Everybody screws up. Almost everybody gets away with it. Here’s what happened to a guy who developed complacent gun-handling habits, and “got away with it” only thanks to blind luck in the bullet’s placement, that left him with neither fatal (if he’d hit the femoral artery) or crippling (femur and/or patella [kneecap]) wounds. We don’t have his name, so we’ll call him ND Guy.

Checking out of hospital after surgery and overnight stay, ND Guy knows he's lucky.

Checking out of hospital after surgery and overnight stay, ND Guy knows he’s lucky.

It was decent of him to share his experiences and photos (on Reddit’s /r/guns and Imgur), and the Internet being what it is, he’s been beaten up for it. We think he now (1) knows what he did wrong, and (2) is very unlikely to do it again, having been given a second chance.

I was attempting to disassemble my Glock 30 like I’ve done a thousand times before so I could install a new trigger spring. I had ejected the magazine and caught it before it fully left the gun, racked the slide to eject the round in the chamber, pulled up the the slide release pins and pulled the trigger to dry fire to remove the slide. Unfortunately for me I didn’t dry fire. I had accidentally moved the magazine back up and the lifting arm grabbed another round and chambered it. I know, I should have fully ejected the magazine before I continued but this is something I’ve done hundreds of times before without incident. But it only takes once right?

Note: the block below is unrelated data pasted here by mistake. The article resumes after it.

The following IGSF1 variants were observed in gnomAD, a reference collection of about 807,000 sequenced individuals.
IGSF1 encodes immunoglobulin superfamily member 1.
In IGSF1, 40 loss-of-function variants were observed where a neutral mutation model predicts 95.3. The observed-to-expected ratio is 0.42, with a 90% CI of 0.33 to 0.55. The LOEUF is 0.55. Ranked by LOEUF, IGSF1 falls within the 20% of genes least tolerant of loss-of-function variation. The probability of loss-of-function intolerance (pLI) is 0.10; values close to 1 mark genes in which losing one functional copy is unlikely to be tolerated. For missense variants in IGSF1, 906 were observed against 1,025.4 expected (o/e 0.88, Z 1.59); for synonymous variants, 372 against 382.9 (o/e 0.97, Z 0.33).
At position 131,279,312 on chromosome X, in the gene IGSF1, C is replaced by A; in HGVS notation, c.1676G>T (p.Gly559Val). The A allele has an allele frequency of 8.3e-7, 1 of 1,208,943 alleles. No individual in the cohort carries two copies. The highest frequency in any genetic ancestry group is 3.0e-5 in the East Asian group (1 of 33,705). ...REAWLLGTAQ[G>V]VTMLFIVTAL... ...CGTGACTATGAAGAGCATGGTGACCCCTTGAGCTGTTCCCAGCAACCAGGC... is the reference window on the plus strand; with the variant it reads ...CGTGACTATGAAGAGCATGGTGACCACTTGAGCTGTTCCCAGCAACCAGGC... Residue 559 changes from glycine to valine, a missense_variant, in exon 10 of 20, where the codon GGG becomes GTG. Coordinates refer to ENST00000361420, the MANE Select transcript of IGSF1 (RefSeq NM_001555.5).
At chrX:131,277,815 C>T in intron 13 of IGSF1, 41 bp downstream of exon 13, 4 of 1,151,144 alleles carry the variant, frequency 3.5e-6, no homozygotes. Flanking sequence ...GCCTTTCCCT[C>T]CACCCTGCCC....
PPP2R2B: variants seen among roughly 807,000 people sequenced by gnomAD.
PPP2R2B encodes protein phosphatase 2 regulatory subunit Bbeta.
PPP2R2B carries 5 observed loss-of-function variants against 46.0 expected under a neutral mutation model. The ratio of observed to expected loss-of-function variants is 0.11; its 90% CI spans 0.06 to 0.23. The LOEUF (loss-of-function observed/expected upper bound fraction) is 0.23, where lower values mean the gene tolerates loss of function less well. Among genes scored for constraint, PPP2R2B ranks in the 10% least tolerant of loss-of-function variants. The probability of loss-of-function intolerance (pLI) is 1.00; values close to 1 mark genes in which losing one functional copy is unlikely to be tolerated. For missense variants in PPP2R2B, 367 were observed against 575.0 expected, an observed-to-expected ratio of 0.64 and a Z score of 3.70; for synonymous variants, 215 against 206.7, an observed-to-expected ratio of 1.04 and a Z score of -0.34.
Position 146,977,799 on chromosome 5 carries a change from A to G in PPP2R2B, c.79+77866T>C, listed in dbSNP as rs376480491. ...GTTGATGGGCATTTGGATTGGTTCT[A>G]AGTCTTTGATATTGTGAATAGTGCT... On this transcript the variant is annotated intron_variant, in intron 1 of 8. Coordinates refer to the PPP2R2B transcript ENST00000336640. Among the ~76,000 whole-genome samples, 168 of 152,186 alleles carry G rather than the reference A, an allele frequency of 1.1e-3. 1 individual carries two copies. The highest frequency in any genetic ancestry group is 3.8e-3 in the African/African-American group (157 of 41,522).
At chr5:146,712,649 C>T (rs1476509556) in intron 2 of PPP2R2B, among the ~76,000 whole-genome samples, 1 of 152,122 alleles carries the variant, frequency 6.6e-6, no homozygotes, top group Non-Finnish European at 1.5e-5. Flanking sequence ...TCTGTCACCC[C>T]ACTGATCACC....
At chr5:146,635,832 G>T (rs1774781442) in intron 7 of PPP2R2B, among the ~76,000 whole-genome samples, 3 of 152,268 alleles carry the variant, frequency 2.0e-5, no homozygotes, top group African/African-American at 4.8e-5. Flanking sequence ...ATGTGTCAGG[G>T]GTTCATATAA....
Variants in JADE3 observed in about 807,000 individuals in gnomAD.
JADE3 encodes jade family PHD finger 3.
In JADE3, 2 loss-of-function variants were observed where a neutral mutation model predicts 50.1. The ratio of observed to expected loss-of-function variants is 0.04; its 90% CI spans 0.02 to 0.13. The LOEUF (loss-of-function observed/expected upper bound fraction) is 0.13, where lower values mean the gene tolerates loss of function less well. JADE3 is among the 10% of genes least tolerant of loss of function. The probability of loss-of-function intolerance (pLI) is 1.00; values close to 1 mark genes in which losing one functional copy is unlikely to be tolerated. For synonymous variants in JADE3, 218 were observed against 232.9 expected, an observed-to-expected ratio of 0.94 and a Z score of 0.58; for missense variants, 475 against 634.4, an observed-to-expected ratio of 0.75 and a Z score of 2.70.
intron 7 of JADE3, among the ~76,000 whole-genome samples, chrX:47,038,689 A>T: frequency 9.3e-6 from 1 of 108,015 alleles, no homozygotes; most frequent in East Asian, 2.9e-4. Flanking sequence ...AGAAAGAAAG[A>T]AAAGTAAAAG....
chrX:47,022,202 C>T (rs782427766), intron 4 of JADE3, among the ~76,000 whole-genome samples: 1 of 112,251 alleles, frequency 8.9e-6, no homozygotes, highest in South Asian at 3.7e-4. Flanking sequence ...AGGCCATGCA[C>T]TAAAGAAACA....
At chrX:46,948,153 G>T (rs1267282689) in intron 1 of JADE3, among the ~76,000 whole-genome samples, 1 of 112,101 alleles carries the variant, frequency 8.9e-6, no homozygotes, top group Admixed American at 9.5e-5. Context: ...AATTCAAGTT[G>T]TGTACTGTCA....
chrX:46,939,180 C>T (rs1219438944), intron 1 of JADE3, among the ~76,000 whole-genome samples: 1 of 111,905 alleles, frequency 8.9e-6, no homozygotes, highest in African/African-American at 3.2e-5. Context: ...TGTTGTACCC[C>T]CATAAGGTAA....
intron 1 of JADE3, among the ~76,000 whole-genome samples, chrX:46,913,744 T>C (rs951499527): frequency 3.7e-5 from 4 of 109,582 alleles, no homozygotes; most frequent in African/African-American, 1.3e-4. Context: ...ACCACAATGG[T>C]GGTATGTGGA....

My doctor told me I was half an inch away from the lower end of my femur and my patella being entirely destroyed. This meaning I would have had a greater than 50/50 chance of my leg needing to be amputated above the knee. As it turns out though, my doctor working at a level one trauma center, told me that he’d never seen a bullet wound to the thigh/knee with as little damage as this.
All in all though, the main point of this is don’t be stupid or complacent like I was. Follow proper firearm safety protocol always, even if it seems stupid or pointless. Don’t get lazy and forgetful, because when you do accidents happen.

via Always make sure your chamber is empty NSFW : Firearms.

We have pictures of his wounds on the scene, and post-op showing two zippers in his leg, overleaf (for those of you who can’t stand the sight of blood).